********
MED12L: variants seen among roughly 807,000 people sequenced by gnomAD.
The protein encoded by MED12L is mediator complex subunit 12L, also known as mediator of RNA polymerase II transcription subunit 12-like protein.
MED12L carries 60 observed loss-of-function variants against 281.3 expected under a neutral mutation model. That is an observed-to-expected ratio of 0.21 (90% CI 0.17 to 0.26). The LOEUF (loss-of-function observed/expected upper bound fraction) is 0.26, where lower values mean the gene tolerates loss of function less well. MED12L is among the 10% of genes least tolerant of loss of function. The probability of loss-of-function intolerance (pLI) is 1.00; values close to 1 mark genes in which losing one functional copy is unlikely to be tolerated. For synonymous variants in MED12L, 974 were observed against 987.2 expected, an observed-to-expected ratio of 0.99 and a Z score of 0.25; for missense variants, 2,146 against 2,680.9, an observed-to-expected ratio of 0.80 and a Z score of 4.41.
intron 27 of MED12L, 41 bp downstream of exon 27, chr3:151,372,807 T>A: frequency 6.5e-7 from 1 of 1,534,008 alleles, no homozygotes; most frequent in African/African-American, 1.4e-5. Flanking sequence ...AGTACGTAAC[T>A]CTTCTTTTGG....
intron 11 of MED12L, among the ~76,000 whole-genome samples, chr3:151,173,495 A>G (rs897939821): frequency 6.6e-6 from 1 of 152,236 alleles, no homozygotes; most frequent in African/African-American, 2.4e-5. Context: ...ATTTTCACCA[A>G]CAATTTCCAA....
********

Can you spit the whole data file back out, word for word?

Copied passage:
MED12L: variants seen among roughly 807,000 people sequenced by gnomAD.
The protein encoded by MED12L is mediator complex subunit 12L, also known as mediator of RNA polymerase II transcription subunit 12-like protein.
MED12L carries 60 observed loss-of-function variants against 281.3 expected under a neutral mutation model. That is an observed-to-expected ratio of 0.21 (90% CI 0.17 to 0.26). The LOEUF (loss-of-function observed/expected upper bound fraction) is 0.26, where lower values mean the gene tolerates loss of function less well. MED12L is among the 10% of genes least tolerant of loss of function. The probability of loss-of-function intolerance (pLI) is 1.00; values close to 1 mark genes in which losing one functional copy is unlikely to be tolerated. For synonymous variants in MED12L, 974 were observed against 987.2 expected, an observed-to-expected ratio of 0.99 and a Z score of 0.25; for missense variants, 2,146 against 2,680.9, an observed-to-expected ratio of 0.80 and a Z score of 4.41.
intron 27 of MED12L, 41 bp downstream of exon 27, chr3:151,372,807 T>A: frequency 6.5e-7 from 1 of 1,534,008 alleles, no homozygotes; most frequent in African/African-American, 1.4e-5. Flanking sequence ...AGTACGTAAC[T>A]CTTCTTTTGG....
intron 11 of MED12L, among the ~76,000 whole-genome samples, chr3:151,173,495 A>G (rs897939821): frequency 6.6e-6 from 1 of 152,236 alleles, no homozygotes; most frequent in African/African-American, 2.4e-5. Context: ...ATTTTCACCA[A>G]CAATTTCCAA....